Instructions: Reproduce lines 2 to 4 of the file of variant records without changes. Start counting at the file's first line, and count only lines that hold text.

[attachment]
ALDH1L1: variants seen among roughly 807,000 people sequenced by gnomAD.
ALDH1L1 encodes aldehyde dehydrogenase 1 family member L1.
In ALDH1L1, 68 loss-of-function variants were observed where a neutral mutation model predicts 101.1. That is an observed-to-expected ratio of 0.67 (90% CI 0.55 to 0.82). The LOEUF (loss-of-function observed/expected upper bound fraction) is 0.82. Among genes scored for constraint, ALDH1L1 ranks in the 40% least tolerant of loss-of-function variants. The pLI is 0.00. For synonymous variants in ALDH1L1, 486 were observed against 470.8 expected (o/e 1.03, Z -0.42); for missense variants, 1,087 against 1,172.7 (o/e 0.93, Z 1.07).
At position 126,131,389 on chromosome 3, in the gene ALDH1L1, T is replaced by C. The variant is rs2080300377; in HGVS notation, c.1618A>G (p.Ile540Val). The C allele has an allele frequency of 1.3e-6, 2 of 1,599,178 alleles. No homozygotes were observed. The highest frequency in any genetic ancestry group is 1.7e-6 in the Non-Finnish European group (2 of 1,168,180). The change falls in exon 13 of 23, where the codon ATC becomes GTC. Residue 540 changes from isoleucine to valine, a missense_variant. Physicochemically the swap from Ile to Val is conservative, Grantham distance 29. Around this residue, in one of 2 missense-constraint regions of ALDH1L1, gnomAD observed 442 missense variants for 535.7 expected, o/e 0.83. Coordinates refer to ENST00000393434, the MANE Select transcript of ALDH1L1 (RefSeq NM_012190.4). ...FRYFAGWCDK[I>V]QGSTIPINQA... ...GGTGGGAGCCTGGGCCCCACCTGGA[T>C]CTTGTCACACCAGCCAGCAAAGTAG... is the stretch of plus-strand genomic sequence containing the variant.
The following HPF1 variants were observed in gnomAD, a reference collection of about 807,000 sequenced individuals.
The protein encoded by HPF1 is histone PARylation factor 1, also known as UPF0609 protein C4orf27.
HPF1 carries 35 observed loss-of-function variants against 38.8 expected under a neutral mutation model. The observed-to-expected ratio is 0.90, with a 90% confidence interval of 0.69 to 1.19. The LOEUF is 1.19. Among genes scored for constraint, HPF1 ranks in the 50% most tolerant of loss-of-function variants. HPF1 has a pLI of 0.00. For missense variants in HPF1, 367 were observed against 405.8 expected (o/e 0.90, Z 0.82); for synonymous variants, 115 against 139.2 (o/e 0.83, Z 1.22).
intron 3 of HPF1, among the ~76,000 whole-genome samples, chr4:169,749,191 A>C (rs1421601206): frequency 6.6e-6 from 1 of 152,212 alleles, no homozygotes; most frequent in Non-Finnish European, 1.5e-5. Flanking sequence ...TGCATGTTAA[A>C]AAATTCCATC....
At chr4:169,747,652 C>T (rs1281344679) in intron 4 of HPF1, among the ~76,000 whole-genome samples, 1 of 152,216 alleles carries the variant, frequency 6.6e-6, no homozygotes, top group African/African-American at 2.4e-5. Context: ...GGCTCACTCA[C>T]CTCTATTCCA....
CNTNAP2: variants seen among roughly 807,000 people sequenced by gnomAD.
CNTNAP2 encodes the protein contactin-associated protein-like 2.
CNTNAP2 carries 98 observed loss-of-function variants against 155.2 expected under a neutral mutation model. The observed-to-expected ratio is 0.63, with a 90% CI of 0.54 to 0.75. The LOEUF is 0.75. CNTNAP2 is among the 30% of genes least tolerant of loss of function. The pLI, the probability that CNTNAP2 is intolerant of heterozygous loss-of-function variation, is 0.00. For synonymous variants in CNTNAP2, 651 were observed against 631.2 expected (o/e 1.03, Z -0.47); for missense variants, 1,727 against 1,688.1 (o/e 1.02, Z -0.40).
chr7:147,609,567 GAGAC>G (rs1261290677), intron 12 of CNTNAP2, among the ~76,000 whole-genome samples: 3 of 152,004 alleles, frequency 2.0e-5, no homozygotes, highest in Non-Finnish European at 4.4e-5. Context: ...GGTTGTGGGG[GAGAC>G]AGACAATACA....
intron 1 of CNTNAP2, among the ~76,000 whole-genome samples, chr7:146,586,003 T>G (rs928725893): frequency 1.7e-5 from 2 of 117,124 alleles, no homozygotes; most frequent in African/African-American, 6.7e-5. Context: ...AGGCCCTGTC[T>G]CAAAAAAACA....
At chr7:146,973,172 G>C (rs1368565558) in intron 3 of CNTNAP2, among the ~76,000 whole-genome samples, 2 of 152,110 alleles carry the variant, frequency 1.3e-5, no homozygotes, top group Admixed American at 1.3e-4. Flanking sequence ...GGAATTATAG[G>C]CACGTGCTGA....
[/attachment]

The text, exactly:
ALDH1L1 encodes aldehyde dehydrogenase 1 family member L1.
In ALDH1L1, 68 loss-of-function variants were observed where a neutral mutation model predicts 101.1. That is an observed-to-expected ratio of 0.67 (90% CI 0.55 to 0.82). The LOEUF (loss-of-function observed/expected upper bound fraction) is 0.82. Among genes scored for constraint, ALDH1L1 ranks in the 40% least tolerant of loss-of-function variants. The pLI is 0.00. For synonymous variants in ALDH1L1, 486 were observed against 470.8 expected (o/e 1.03, Z -0.42); for missense variants, 1,087 against 1,172.7 (o/e 0.93, Z 1.07).
At position 126,131,389 on chromosome 3, in the gene ALDH1L1, T is replaced by C. The variant is rs2080300377; in HGVS notation, c.1618A>G (p.Ile540Val). The C allele has an allele frequency of 1.3e-6, 2 of 1,599,178 alleles. No homozygotes were observed. The highest frequency in any genetic ancestry group is 1.7e-6 in the Non-Finnish European group (2 of 1,168,180). The change falls in exon 13 of 23, where the codon ATC becomes GTC. Residue 540 changes from isoleucine to valine, a missense_variant. Physicochemically the swap from Ile to Val is conservative, Grantham distance 29. Around this residue, in one of 2 missense-constraint regions of ALDH1L1, gnomAD observed 442 missense variants for 535.7 expected, o/e 0.83. Coordinates refer to ENST00000393434, the MANE Select transcript of ALDH1L1 (RefSeq NM_012190.4). ...FRYFAGWCDK[I>V]QGSTIPINQA... ...GGTGGGAGCCTGGGCCCCACCTGGA[T>C]CTTGTCACACCAGCCAGCAAAGTAG... is the stretch of plus-strand genomic sequence containing the variant.